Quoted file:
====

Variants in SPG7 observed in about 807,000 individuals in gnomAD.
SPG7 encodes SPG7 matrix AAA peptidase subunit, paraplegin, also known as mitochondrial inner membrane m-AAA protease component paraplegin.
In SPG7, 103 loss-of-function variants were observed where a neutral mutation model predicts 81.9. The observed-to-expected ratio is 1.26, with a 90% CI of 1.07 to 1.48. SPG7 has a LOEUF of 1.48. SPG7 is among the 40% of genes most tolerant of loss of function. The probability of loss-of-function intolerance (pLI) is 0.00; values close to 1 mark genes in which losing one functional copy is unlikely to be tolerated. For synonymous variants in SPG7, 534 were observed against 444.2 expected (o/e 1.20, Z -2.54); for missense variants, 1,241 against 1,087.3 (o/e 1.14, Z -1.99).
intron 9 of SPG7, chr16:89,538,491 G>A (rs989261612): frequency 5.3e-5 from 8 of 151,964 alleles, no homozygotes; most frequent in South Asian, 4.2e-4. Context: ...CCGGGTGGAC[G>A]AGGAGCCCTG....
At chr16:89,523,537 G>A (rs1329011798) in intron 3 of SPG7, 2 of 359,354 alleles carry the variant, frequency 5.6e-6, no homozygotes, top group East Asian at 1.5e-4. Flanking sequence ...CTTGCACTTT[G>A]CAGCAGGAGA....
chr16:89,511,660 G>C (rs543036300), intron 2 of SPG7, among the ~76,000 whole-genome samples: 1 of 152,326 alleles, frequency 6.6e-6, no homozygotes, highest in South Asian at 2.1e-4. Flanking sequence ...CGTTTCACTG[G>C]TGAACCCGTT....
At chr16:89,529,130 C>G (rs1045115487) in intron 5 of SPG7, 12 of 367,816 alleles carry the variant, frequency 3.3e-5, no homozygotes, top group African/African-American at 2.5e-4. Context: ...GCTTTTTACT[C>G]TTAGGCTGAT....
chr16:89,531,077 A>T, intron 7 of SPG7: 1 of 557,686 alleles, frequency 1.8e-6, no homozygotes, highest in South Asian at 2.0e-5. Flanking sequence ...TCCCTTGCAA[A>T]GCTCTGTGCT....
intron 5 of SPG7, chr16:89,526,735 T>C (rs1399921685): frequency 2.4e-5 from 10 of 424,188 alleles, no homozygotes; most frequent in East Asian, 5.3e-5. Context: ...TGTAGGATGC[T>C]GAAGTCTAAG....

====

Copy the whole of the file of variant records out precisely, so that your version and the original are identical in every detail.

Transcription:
Variants in SPG7 observed in about 807,000 individuals in gnomAD.
SPG7 encodes SPG7 matrix AAA peptidase subunit, paraplegin, also known as mitochondrial inner membrane m-AAA protease component paraplegin.
In SPG7, 103 loss-of-function variants were observed where a neutral mutation model predicts 81.9. The observed-to-expected ratio is 1.26, with a 90% CI of 1.07 to 1.48. SPG7 has a LOEUF of 1.48. SPG7 is among the 40% of genes most tolerant of loss of function. The probability of loss-of-function intolerance (pLI) is 0.00; values close to 1 mark genes in which losing one functional copy is unlikely to be tolerated. For synonymous variants in SPG7, 534 were observed against 444.2 expected (o/e 1.20, Z -2.54); for missense variants, 1,241 against 1,087.3 (o/e 1.14, Z -1.99).
intron 9 of SPG7, chr16:89,538,491 G>A (rs989261612): frequency 5.3e-5 from 8 of 151,964 alleles, no homozygotes; most frequent in South Asian, 4.2e-4. Context: ...CCGGGTGGAC[G>A]AGGAGCCCTG....
At chr16:89,523,537 G>A (rs1329011798) in intron 3 of SPG7, 2 of 359,354 alleles carry the variant, frequency 5.6e-6, no homozygotes, top group East Asian at 1.5e-4. Flanking sequence ...CTTGCACTTT[G>A]CAGCAGGAGA....
chr16:89,511,660 G>C (rs543036300), intron 2 of SPG7, among the ~76,000 whole-genome samples: 1 of 152,326 alleles, frequency 6.6e-6, no homozygotes, highest in South Asian at 2.1e-4. Flanking sequence ...CGTTTCACTG[G>C]TGAACCCGTT....
At chr16:89,529,130 C>G (rs1045115487) in intron 5 of SPG7, 12 of 367,816 alleles carry the variant, frequency 3.3e-5, no homozygotes, top group African/African-American at 2.5e-4. Context: ...GCTTTTTACT[C>G]TTAGGCTGAT....
chr16:89,531,077 A>T, intron 7 of SPG7: 1 of 557,686 alleles, frequency 1.8e-6, no homozygotes, highest in South Asian at 2.0e-5. Flanking sequence ...TCCCTTGCAA[A>T]GCTCTGTGCT....
intron 5 of SPG7, chr16:89,526,735 T>C (rs1399921685): frequency 2.4e-5 from 10 of 424,188 alleles, no homozygotes; most frequent in East Asian, 5.3e-5. Context: ...TGTAGGATGC[T>C]GAAGTCTAAG....